But their story does not end there: I highly, highly recommend this film if you have not seen it. Between the early 1900s and as late as 1970, the Australian government removed mixed-race Aboriginals they termed as “half-castes” (now an archaic, offensive term) from their homes to state institutions.
The Assimilation and child removal policies sought to integrate those deemed “suitable” into white society, where their names were changed and cultures of origin discouraged. They were forced to assimilate, and encouraged to marry whites until after four generations, they were themselves considered white. In a cruel twist, much of white society did not accept these mixed-race Australians, no matter how white they appeared or “acted.”
No definitive numbers exist for how many people were part of the Stolen Generations. Many Aboriginal parents whose children were removed never saw them again. I met one in Melbourne in 2018 who I will never forget. She is a poet and an opera singer, and spoke publicly of being removed from her family as a child in the late 1960s. The shame at being forced to deny her culture, the abuse she suffered in state institutions, the trauma she experienced when reunited with her elderly mother and aunt as an adult – was all simply heartbreaking. Tears flowed freely in the audience, including my own, believe me.
This is not the familiar Australia that I know and love, in a similar way that the America I know and love should have never allowed the barbary of slavery. And yet it did, among many other injustices, and to deny it would be wrong and smacks of privilege.
Part of being truly remorseful for a wrong done is saying it, openly, publicly, and out loud. This is a big part of Reconciliation and building a more fair and cohesive society. An Australian government inquiry commenced in 1995 and completed in 1997 estimated that up to 33% of Aboriginal children had been subject to child removal policies over more than six decades. The report made recommendations, including a formal apology.
In February 2008, then-Prime Minister Kevin Rudd delivered a speech entitled National Apology to the Stolen Generations in federal parliament. The purpose was for parliament to “officially acknowledge the responsibility of their predecessors for the laws, policies, and practices of forcible removal.” (Source: Museum of Western Australia) You can read the transcript of PM Rudd’s statement here.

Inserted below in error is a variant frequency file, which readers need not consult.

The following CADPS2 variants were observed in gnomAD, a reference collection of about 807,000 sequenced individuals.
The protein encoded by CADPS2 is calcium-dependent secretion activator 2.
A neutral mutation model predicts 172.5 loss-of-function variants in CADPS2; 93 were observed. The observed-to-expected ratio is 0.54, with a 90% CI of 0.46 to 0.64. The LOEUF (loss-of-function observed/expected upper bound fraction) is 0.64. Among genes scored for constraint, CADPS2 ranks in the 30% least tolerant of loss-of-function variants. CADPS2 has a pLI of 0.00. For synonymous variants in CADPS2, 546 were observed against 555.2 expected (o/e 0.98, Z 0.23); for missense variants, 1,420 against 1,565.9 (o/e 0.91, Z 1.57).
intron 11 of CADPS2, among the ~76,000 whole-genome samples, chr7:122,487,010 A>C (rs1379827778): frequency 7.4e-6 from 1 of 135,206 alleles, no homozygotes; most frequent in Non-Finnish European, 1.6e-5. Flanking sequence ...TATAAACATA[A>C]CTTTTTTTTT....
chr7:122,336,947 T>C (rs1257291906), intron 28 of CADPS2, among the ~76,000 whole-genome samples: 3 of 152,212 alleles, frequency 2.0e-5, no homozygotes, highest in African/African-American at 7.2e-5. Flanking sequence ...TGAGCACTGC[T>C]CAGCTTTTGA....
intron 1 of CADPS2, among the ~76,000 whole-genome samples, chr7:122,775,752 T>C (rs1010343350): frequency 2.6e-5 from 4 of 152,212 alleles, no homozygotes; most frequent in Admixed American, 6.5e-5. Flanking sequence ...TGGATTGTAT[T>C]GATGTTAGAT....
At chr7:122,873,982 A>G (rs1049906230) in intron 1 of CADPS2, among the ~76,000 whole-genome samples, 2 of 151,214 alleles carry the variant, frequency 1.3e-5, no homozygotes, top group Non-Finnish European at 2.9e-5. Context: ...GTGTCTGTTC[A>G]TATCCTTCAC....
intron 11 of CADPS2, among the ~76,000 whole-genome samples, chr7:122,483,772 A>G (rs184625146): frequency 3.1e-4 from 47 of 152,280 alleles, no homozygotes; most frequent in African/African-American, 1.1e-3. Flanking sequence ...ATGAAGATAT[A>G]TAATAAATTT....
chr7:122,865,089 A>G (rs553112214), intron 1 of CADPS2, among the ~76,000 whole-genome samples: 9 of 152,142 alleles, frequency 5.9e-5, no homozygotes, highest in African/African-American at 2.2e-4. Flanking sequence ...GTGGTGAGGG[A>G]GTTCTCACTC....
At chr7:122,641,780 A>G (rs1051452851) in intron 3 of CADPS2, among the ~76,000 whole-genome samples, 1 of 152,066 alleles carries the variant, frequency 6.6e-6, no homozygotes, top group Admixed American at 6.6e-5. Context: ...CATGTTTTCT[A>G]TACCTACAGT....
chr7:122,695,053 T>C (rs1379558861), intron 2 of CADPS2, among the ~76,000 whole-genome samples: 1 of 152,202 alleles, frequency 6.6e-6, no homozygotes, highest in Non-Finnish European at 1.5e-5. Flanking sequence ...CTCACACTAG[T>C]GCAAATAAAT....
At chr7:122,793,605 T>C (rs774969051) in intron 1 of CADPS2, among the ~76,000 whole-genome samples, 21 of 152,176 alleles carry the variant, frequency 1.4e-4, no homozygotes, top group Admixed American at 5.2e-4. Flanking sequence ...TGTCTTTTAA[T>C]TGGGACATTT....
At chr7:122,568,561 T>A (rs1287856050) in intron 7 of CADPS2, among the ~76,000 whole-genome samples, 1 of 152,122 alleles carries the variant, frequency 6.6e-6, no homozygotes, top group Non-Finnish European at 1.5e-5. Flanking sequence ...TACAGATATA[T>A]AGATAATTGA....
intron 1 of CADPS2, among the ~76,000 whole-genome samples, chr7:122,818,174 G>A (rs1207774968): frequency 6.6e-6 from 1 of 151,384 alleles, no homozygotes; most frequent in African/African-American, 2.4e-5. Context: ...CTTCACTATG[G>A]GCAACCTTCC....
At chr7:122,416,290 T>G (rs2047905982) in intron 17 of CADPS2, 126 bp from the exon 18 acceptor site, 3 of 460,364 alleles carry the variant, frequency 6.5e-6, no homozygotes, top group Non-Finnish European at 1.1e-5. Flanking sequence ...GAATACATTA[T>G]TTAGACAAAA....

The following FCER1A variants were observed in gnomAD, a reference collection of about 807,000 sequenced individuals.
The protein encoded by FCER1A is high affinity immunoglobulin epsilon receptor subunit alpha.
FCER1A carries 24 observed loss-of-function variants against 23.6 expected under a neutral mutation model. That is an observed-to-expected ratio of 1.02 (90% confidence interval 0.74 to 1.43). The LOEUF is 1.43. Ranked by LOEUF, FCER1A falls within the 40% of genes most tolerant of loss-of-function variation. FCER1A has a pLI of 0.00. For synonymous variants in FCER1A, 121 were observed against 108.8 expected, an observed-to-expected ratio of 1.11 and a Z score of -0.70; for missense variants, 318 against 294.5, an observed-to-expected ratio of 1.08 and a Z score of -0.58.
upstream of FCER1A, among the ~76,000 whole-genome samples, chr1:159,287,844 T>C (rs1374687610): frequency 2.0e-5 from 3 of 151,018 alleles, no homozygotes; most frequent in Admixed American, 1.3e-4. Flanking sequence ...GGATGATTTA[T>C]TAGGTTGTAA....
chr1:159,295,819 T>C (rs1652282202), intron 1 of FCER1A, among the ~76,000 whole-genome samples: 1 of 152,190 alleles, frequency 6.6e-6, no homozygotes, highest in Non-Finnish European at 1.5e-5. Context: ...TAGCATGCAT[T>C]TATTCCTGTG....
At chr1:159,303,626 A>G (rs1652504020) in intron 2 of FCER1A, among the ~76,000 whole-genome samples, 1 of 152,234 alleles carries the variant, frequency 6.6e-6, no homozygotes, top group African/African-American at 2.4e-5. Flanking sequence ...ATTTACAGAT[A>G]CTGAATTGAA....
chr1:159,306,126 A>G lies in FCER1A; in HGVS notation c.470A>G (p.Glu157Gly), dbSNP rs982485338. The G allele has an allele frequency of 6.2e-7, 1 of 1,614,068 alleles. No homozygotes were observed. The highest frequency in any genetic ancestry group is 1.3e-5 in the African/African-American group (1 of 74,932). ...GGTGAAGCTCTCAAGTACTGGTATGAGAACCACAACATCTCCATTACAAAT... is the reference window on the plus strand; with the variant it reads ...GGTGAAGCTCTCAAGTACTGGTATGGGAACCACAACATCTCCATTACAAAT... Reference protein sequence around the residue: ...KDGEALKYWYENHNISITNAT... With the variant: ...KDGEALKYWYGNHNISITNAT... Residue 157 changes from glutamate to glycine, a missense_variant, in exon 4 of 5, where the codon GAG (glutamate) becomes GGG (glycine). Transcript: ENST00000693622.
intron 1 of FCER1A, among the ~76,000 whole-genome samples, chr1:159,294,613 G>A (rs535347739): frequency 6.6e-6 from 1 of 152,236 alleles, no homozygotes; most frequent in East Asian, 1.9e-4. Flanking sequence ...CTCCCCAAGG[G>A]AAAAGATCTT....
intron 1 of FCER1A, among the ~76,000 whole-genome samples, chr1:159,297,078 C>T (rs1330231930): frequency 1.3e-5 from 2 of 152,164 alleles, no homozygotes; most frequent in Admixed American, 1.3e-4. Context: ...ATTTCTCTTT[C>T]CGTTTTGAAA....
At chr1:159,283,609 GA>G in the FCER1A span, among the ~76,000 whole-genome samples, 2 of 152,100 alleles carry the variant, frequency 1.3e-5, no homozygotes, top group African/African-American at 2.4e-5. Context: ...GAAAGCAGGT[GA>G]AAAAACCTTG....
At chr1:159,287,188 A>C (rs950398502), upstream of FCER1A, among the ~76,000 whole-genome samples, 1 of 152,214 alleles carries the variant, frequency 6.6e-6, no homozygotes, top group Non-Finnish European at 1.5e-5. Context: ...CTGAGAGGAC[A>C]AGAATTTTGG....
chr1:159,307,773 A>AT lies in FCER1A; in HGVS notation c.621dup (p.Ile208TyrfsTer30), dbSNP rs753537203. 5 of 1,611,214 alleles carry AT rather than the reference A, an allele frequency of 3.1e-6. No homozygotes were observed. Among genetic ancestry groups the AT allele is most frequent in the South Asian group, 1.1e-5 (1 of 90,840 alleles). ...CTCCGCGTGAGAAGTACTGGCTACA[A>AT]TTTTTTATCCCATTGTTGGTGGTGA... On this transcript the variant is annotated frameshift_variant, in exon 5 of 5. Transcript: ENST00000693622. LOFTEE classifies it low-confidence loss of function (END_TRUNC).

I make these difficult observations about the past of Australia, a country I love and respect deeply, as an outsider looking in, in order to understand why the Welcome to and Acknowledgment of Country are so special. I know that there is hurt, regret, and pain, and that true reconciliation will be a long road.
The United States certainly has its own complicated history with race relations, issues of social cohesion, and mistreatment of native peoples (or what the Australians would call First Nation peoples). And these issues are still very much present today and we continue to grapple with them.
I find it hard to imagine Congress opening a session with an Acknowledgment of Country, paying heartfelt respects to the traditional owners of present-day Washington, DC. I could be wrong. I hope I am wrong. I would like to see our national discourse include an awareness of Native Americans being traditional owners of our land, not just buried in some piece of legislation or government subsidy, but with some actual humanity and empathy. And perhaps the concept that asking for forgiveness is appropriate?
But I think the Australians’ awareness of what it takes to truly reconcile the people who all love their homeland is still ahead of ours. The Australians have my deepest respect and admiration for admitting past wrongs, and taking something like Acknowledgment of Country – which could easily come across as an insincere ‘tokenism’, and yet at least to me somehow never does – and normalizing it across society. If we have some distance to go, let us take a step. And another.
While my mom was visiting last month, we traveled to Australia’s island state of Tasmania. One evening, while watching the local news, we saw a heartwarming story about a local couple who decided to return half of their 220 hectare (544 acre) land back to the Aboriginal Land Council of Australia, in Tasmania’s first-ever private land return. “This land will relink us all,” the woman said. “It’s already relinking us.”